Forest of Dean & Wye Valley

OBITUARY: Ralph Anstis

In A.Graham, Obiturary on April 9, 2010 at 2:54 pm

Ralph Anstis, who died in February 2010 aged 89, was an adopted Forester – but he did more than most to record the history of the Dean, its people and the events that shaped their lives.

I have many of his books on cluttered bookshelves, and they’re always a useful point of reference – as well as a pleasure to read. He wrote the definitive biography of Warren James (whose life is being commemorated at the beginning of June this year).

His fact-based novel Let the Hero be the Hungry Man was adapted as a play, and performed in Parkend. He also wrote Blood on Coal, an account of the long and bitter minders’ strike of 1929 and the impact it made on those who worked in the Forest coalfield.

He was a prolific writer, turning out book after book from his own imprint ‘Albion House’. His wife, Bess was also a stalwart of the Forest of Dean Local History Society, and I’m sure must have shared in much of the research that went into Ralph’s books.

Both of them were supporters of the Clarion, and occasional contributors to our columns. Bess’s last piece in the Clarion was a reminiscence of the Co-Op as she remembered it in her younger days. It was published in the summer of 2005. She was already in poor health, and sadly she died the following year.

Ralph was born in London, worked in the civil service, and he and Bess moved to the Forest in 1979. Apart from his writing, he involved himself in the local community. He served on the West Dean Parish Council, was a governor of two local schools and became a volunteer Press Officer for Forest Stop the War (the local contingent aligned with the national Stop the War movement opposing the 2003 invasion on Iraq). Like many of us, he learned to love the Forest, both for its peace and its people.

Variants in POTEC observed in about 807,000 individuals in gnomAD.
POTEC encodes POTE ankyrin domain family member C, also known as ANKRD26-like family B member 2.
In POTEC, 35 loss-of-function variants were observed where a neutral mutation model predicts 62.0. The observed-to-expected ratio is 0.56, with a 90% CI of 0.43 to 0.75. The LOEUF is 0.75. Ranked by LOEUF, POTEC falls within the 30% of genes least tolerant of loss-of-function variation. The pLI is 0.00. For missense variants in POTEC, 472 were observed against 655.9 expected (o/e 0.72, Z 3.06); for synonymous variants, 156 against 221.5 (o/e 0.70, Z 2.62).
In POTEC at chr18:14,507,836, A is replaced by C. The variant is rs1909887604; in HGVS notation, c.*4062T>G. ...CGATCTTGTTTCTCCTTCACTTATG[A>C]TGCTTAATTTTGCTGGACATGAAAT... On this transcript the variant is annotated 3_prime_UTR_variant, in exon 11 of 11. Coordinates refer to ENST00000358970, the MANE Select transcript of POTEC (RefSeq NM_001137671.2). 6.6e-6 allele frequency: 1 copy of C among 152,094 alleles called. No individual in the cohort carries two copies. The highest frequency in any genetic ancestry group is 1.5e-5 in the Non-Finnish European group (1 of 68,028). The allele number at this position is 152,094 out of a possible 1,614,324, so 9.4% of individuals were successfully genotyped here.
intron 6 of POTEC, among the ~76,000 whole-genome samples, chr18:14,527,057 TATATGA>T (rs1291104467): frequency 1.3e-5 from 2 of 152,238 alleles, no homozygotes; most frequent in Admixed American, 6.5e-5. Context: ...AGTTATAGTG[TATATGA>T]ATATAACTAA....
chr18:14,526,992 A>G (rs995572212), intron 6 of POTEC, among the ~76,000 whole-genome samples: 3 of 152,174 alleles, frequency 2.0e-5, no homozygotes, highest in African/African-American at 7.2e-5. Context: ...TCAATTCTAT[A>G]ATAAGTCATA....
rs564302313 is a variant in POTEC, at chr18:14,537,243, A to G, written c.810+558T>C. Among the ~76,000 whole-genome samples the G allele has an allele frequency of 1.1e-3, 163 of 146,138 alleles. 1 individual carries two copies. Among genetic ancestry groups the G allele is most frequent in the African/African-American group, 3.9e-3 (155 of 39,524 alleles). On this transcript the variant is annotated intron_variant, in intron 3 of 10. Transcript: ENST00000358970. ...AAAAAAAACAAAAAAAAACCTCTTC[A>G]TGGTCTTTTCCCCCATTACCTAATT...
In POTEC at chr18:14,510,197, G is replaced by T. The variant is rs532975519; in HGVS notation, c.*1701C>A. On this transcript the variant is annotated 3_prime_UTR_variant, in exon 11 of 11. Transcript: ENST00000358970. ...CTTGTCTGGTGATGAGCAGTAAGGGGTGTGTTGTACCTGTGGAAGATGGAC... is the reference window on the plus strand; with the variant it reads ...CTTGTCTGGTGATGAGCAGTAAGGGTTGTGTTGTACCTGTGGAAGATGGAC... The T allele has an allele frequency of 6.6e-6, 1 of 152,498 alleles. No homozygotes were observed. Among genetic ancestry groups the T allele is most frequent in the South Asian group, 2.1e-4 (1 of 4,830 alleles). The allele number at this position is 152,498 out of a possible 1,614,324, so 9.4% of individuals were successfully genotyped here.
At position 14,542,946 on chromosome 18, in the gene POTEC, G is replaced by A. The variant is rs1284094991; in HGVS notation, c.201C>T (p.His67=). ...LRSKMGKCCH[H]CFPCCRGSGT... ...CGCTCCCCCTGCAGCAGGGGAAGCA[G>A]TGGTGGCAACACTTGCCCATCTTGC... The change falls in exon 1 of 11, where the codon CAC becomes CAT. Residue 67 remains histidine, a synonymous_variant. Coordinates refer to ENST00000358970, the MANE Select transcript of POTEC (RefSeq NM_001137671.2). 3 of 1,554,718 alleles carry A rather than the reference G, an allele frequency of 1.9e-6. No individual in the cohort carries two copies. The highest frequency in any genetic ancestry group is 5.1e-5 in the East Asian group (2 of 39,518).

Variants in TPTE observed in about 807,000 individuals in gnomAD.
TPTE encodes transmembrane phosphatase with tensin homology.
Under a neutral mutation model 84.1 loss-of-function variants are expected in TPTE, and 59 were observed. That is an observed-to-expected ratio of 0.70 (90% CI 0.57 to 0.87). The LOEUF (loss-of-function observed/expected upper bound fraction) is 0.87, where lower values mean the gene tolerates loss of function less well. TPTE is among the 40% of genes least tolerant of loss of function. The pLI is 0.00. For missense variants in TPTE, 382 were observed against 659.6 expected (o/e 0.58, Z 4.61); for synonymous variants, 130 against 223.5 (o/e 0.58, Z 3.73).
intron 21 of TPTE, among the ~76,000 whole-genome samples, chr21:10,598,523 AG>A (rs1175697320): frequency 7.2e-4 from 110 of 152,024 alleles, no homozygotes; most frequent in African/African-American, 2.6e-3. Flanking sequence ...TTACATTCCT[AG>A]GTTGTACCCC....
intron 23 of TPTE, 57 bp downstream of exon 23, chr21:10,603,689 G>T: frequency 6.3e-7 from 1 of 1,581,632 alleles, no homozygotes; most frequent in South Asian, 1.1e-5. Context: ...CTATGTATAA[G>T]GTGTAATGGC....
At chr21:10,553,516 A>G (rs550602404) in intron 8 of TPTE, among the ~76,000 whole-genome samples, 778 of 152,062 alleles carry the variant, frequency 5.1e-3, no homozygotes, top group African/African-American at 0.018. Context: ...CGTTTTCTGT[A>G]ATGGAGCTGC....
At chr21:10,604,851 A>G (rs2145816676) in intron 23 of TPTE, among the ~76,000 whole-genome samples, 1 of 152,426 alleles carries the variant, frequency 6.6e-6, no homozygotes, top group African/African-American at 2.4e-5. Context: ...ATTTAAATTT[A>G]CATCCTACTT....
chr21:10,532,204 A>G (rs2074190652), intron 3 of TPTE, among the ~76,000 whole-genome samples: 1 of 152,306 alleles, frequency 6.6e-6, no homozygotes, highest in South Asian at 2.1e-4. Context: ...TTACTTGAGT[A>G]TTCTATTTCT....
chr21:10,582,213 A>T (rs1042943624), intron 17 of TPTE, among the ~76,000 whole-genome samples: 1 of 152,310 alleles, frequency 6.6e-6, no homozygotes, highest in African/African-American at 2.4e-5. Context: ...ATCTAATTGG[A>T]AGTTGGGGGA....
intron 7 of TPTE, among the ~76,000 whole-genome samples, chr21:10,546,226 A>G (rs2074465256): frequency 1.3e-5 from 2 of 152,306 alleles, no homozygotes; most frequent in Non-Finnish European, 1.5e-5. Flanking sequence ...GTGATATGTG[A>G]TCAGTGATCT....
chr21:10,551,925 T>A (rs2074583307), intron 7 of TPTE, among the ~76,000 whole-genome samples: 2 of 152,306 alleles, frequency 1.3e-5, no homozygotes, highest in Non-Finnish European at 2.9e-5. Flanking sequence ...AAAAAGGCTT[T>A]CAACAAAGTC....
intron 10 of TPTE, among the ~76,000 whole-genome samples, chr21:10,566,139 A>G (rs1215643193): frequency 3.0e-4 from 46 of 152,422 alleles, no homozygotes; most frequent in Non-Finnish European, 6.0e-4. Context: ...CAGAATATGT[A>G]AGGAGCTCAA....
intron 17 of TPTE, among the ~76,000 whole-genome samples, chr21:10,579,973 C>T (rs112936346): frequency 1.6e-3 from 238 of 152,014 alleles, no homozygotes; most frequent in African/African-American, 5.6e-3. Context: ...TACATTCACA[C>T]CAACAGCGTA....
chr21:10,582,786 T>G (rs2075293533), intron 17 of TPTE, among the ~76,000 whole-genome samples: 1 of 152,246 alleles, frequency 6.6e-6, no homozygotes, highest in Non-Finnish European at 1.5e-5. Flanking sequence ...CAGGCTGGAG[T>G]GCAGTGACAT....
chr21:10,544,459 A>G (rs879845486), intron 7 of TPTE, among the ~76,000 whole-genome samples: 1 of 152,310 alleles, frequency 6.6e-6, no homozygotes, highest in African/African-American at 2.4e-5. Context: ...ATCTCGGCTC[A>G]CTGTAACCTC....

But after the death of Bess, his own health also went into decline and finally he was forced to move from his home in Coalway to be nearer his family. He died in a retirement home in Epsom and his funeral service took place in Leatherhead.

Ralph was a quiet, softly spoken and unassuming man, but one who tackled his research and writing with dedication. Those of us who have our homes in the Forest owe him a great debt for recording and illuminating the lives of those who’d helped shape the communities we take for granted today.

Thanks, Ralph.


Leave a Reply

Fill in your details below or click an icon to log in: Logo

You are commenting using your account. Log Out /  Change )

Google photo

You are commenting using your Google account. Log Out /  Change )

Twitter picture

You are commenting using your Twitter account. Log Out /  Change )

Facebook photo

You are commenting using your Facebook account. Log Out /  Change )

Connecting to %s

%d bloggers like this: